I've got the following ARM assembly code.
CMP R0, #0 ITT EQ MOVEQ R0, #0x7FFFFFFF BXEQ LR
Firstly, why is the EQ needed after the MOV and BX instructions? The ARM reference says that the condition (EQ) after the ITT will be applied to the first instruction (MOV) in the IT block and then because of the second T in ITT the EQ will be applied to the second instruction (BX) in the IT block. So if the ITT is applying the EQ, why is the EQ needed in MOVEQ and BXEQ?
Secondly, why is the IT instruction needed at all? Why not just have:
CMP R0, #0 MOVEQ R0, #0x7FFFFFFF BXEQ LR
It's MOV not MOVS so the flags won't be updated and the EQ in BXEQ will still be "referring" to the flag values set by the CMP.
Why dont you just try it?
.cpu cortex-m3 .thumb .syntax unified CMP R0, #0 ITT EQ MOVEQ R0, #0x7FFFFFFF BXEQ LR CMP R0, #0 MOVEQ R0, #0x7FFFFFFF BXEQ LR
arm-none-eabi-as vectors.s -o vectors.o vectors.s: Assembler messages: vectors.s:13: Error: thumb conditional instruction should be in IT block -- `moveq R0,#0x7FFFFFFF' vectors.s:14: Error: thumb conditional instruction should be in IT block -- `bxeq LR' make: *** [vectors.o] Error 1
Which is obvious because there are no conditional versions of those instructions in thumb mode.
so that leaves:
.cpu cortex-m3 .thumb .syntax unified CMP R0, #0 ITT EQ MOVEQ R0, #0x7FFFFFFF BXEQ LR
which the tools are happy with
0: 2800 cmp r0, #0 2: bf04 itt eq 4: f06f 4000 mvneq.w r0, #2147483648 ; 0x80000000 8: 4770 bxeq lr
so we try without the eq
.cpu cortex-m3 .thumb .syntax unified CMP R0, #0 ITT EQ MOV R0, #0x7FFFFFFF BX LR
vectors.s:8: Error: instruction not allowed in IT block -- `mov R0,#0x7FFFFFFF' vectors.s:9: Error: incorrect condition in IT block -- `bx LR'
I think it must be just a syntax thing to help you out and make sure that you get what you really wanted.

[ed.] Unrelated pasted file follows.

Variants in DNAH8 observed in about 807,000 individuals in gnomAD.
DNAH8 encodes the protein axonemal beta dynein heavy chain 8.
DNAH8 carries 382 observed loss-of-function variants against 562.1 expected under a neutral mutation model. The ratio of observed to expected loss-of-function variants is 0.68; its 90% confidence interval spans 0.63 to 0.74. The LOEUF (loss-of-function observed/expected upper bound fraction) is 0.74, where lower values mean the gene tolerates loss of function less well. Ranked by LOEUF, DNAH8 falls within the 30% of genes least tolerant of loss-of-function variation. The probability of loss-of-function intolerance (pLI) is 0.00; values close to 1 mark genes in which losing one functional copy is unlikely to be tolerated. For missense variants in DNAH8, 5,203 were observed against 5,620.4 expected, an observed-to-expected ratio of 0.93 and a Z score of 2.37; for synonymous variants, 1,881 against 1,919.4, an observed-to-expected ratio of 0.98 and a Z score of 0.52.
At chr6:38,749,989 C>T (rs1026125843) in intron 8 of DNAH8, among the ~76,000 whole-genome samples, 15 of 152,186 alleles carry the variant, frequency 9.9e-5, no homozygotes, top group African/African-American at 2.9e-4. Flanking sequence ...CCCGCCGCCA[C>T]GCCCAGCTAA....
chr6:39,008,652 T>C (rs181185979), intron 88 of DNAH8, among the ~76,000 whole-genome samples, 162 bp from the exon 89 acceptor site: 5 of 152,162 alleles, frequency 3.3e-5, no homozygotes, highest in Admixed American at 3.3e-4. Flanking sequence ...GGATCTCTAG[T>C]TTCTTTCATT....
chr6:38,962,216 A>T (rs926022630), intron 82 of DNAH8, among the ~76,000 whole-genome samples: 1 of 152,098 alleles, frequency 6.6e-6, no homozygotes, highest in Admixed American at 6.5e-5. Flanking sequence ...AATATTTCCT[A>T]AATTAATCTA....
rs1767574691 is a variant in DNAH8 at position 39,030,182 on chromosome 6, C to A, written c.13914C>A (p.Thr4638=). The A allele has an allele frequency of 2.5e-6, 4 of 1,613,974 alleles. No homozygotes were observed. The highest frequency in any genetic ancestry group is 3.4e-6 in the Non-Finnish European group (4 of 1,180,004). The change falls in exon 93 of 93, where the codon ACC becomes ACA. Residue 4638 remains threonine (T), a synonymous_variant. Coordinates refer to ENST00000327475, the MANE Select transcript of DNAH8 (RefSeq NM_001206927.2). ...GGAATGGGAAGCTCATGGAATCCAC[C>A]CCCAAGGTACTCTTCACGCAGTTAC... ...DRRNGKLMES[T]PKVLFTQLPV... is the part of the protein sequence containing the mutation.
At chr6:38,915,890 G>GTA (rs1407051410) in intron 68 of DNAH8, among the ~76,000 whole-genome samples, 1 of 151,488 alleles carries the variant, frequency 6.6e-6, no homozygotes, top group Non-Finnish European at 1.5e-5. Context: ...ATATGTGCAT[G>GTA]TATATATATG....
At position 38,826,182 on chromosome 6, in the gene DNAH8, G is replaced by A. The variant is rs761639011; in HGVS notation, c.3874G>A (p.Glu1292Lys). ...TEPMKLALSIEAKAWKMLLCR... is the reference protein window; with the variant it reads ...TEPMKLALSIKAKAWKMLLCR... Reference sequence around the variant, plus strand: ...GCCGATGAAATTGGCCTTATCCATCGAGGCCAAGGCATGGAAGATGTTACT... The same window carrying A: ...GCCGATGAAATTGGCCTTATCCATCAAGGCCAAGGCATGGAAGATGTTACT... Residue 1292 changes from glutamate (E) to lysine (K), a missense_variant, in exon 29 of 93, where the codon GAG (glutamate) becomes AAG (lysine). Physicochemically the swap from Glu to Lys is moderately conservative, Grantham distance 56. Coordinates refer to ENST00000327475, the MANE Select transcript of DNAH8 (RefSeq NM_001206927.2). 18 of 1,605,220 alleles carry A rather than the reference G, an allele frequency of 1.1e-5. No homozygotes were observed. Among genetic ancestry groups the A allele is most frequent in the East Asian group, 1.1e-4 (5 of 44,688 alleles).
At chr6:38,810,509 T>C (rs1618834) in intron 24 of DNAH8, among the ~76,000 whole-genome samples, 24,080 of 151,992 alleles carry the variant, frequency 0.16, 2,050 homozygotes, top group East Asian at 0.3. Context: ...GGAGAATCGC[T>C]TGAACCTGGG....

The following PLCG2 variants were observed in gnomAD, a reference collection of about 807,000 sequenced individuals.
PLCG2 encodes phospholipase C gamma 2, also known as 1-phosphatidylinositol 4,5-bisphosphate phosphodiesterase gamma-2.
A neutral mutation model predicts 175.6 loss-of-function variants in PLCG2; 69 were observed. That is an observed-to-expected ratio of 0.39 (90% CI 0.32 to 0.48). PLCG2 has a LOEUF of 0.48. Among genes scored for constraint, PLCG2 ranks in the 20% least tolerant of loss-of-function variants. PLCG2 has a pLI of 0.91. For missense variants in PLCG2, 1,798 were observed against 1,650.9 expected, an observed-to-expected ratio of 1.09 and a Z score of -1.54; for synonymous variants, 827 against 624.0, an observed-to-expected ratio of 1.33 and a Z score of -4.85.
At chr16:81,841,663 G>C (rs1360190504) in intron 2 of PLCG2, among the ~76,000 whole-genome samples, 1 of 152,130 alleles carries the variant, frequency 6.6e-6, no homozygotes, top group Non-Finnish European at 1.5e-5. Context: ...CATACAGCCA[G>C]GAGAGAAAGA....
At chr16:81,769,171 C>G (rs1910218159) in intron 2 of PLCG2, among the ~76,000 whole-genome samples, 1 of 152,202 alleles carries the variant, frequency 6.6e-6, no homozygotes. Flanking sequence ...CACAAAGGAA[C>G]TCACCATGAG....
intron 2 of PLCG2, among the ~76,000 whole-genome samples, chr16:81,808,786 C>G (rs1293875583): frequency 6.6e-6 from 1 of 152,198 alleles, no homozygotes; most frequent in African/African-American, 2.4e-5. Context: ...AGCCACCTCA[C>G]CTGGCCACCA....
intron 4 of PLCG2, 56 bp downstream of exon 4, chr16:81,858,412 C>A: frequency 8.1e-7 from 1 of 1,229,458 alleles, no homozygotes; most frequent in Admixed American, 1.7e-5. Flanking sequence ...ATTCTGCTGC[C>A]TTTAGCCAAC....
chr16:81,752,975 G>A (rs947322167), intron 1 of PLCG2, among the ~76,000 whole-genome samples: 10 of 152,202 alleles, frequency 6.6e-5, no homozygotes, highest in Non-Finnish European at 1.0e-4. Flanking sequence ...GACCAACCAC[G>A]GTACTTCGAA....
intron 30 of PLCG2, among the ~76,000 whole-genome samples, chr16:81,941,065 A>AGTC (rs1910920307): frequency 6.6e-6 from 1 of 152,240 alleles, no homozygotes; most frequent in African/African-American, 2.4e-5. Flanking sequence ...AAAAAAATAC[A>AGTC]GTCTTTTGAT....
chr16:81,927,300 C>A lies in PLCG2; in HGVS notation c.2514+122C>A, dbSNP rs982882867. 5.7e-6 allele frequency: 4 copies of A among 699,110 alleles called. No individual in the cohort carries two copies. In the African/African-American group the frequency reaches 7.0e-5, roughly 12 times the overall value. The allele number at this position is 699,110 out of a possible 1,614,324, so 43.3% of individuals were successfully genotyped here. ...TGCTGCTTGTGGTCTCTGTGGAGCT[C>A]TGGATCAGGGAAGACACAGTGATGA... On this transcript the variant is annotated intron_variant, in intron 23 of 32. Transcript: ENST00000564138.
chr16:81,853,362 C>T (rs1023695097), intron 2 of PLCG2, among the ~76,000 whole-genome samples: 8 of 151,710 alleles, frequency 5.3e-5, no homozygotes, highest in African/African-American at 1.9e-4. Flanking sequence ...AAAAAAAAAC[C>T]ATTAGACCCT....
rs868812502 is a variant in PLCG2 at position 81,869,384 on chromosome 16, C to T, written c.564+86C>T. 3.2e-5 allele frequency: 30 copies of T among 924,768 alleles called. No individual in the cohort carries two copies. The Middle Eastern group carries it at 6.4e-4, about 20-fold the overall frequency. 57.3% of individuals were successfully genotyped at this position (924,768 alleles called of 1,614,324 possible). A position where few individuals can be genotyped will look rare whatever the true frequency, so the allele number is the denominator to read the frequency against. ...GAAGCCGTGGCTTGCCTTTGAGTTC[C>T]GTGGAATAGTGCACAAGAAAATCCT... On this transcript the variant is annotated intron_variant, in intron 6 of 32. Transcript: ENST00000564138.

.cpu cortex-m3 .thumb .syntax unified CMP R0, #0 IT EQ MOVEQ R0, #0x7FFFFFFF BX LR
0: 2800 cmp r0, #0 2: bf08 it eq 4: f06f 4000 mvneq.w r0, #2147483648 ; 0x80000000 8: 4770 bx lr
Notice the bx lr is the same instruction 0x4770, the eq on the end or not on the end seems clearly there as an assembler syntax thing to help you out and make sure you get the right number of instructions tied to the If Then instruction. (which you can see did change between having one conditional instruction and two conditional instructions).
I do find it bothersome
.cpu cortex-m3 .thumb .syntax unified CMP R0, #0 IT EQ MOVSEQ R0, #0x7 BX LR movs r0,#7 mov r0,#7 movs.w r0,#7
that in this case the thumb2 extension is used
00000000 <.text>: 0: 2800 cmp r0, #0 2: bf08 it eq 4: f05f 0007 movseq.w r0, #7 8: 4770 bx lr a: 2007 movs r0, #7 c: f04f 0007 mov.w r0, #7 10: f05f 0007 movs.w r0, #7
that is a curiosity.
The reason it is needed at all is obvious from the instruction set documentation. Full blown arm instructions have a 4 bit conditional field on every instruction. thumb instructions do not. At first you simply did the traditional branch on condition to avoid instructions, thumb didnt offer the ARM feature of every instruction being conditional and not needing to flush the pipe. So according to the docs they added the If Then (IT) instruction with ARMv7-M, and as stated in those docs this allows you to make up to four instructions following the if then to become conditional. The above syntax game I believe (have no proof other than it just appears to be so) is there to help on the human error.